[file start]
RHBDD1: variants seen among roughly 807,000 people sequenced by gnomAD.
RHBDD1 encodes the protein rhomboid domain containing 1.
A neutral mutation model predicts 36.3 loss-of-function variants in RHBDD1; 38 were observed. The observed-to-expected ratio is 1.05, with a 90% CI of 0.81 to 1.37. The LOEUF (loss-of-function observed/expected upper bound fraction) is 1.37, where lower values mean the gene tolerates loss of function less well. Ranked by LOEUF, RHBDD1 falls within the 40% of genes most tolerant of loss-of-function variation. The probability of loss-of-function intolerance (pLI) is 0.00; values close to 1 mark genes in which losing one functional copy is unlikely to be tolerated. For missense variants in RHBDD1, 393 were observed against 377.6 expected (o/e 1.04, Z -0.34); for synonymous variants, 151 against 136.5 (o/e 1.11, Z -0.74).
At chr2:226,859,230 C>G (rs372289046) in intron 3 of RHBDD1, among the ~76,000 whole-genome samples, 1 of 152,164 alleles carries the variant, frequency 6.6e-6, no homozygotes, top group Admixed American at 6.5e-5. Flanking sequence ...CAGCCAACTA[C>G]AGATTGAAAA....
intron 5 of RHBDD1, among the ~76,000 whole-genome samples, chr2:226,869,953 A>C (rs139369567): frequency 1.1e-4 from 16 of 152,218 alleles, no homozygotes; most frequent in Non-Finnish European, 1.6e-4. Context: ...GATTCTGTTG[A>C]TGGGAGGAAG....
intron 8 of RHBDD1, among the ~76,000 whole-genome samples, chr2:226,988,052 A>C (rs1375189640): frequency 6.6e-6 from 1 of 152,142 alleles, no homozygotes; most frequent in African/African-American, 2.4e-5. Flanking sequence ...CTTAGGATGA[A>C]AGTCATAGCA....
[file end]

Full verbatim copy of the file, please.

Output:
RHBDD1: variants seen among roughly 807,000 people sequenced by gnomAD.
RHBDD1 encodes the protein rhomboid domain containing 1.
A neutral mutation model predicts 36.3 loss-of-function variants in RHBDD1; 38 were observed. The observed-to-expected ratio is 1.05, with a 90% CI of 0.81 to 1.37. The LOEUF (loss-of-function observed/expected upper bound fraction) is 1.37, where lower values mean the gene tolerates loss of function less well. Ranked by LOEUF, RHBDD1 falls within the 40% of genes most tolerant of loss-of-function variation. The probability of loss-of-function intolerance (pLI) is 0.00; values close to 1 mark genes in which losing one functional copy is unlikely to be tolerated. For missense variants in RHBDD1, 393 were observed against 377.6 expected (o/e 1.04, Z -0.34); for synonymous variants, 151 against 136.5 (o/e 1.11, Z -0.74).
At chr2:226,859,230 C>G (rs372289046) in intron 3 of RHBDD1, among the ~76,000 whole-genome samples, 1 of 152,164 alleles carries the variant, frequency 6.6e-6, no homozygotes, top group Admixed American at 6.5e-5. Flanking sequence ...CAGCCAACTA[C>G]AGATTGAAAA....
intron 5 of RHBDD1, among the ~76,000 whole-genome samples, chr2:226,869,953 A>C (rs139369567): frequency 1.1e-4 from 16 of 152,218 alleles, no homozygotes; most frequent in Non-Finnish European, 1.6e-4. Context: ...GATTCTGTTG[A>C]TGGGAGGAAG....
intron 8 of RHBDD1, among the ~76,000 whole-genome samples, chr2:226,988,052 A>C (rs1375189640): frequency 6.6e-6 from 1 of 152,142 alleles, no homozygotes; most frequent in African/African-American, 2.4e-5. Flanking sequence ...CTTAGGATGA[A>C]AGTCATAGCA....